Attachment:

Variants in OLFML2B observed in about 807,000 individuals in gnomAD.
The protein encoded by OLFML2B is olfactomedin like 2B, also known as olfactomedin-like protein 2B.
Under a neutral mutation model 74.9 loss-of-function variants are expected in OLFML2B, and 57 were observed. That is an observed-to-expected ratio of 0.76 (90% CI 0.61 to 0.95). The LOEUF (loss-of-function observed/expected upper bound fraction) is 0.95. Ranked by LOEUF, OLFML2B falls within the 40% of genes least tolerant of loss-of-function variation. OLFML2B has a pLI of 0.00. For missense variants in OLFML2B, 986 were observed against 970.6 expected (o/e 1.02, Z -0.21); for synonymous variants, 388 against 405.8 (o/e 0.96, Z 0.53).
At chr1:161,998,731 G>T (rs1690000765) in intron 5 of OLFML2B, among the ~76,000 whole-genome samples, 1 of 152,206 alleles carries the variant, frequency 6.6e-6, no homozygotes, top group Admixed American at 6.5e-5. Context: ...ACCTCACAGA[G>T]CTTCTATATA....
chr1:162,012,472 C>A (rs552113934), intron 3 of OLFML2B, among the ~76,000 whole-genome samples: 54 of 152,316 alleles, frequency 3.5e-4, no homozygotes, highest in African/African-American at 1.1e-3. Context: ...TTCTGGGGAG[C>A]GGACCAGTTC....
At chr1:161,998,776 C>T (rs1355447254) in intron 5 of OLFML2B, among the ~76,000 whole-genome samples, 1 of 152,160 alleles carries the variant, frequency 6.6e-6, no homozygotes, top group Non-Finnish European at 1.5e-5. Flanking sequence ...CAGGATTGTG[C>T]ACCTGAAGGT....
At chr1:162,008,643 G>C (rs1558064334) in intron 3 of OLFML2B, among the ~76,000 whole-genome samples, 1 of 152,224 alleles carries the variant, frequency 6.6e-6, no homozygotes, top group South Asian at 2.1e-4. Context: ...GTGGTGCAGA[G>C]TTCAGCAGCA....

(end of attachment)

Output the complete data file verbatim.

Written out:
Variants in OLFML2B observed in about 807,000 individuals in gnomAD.
The protein encoded by OLFML2B is olfactomedin like 2B, also known as olfactomedin-like protein 2B.
Under a neutral mutation model 74.9 loss-of-function variants are expected in OLFML2B, and 57 were observed. That is an observed-to-expected ratio of 0.76 (90% CI 0.61 to 0.95). The LOEUF (loss-of-function observed/expected upper bound fraction) is 0.95. Ranked by LOEUF, OLFML2B falls within the 40% of genes least tolerant of loss-of-function variation. OLFML2B has a pLI of 0.00. For missense variants in OLFML2B, 986 were observed against 970.6 expected (o/e 1.02, Z -0.21); for synonymous variants, 388 against 405.8 (o/e 0.96, Z 0.53).
At chr1:161,998,731 G>T (rs1690000765) in intron 5 of OLFML2B, among the ~76,000 whole-genome samples, 1 of 152,206 alleles carries the variant, frequency 6.6e-6, no homozygotes, top group Admixed American at 6.5e-5. Context: ...ACCTCACAGA[G>T]CTTCTATATA....
chr1:162,012,472 C>A (rs552113934), intron 3 of OLFML2B, among the ~76,000 whole-genome samples: 54 of 152,316 alleles, frequency 3.5e-4, no homozygotes, highest in African/African-American at 1.1e-3. Context: ...TTCTGGGGAG[C>A]GGACCAGTTC....
At chr1:161,998,776 C>T (rs1355447254) in intron 5 of OLFML2B, among the ~76,000 whole-genome samples, 1 of 152,160 alleles carries the variant, frequency 6.6e-6, no homozygotes, top group Non-Finnish European at 1.5e-5. Flanking sequence ...CAGGATTGTG[C>T]ACCTGAAGGT....
At chr1:162,008,643 G>C (rs1558064334) in intron 3 of OLFML2B, among the ~76,000 whole-genome samples, 1 of 152,224 alleles carries the variant, frequency 6.6e-6, no homozygotes, top group South Asian at 2.1e-4. Context: ...GTGGTGCAGA[G>C]TTCAGCAGCA....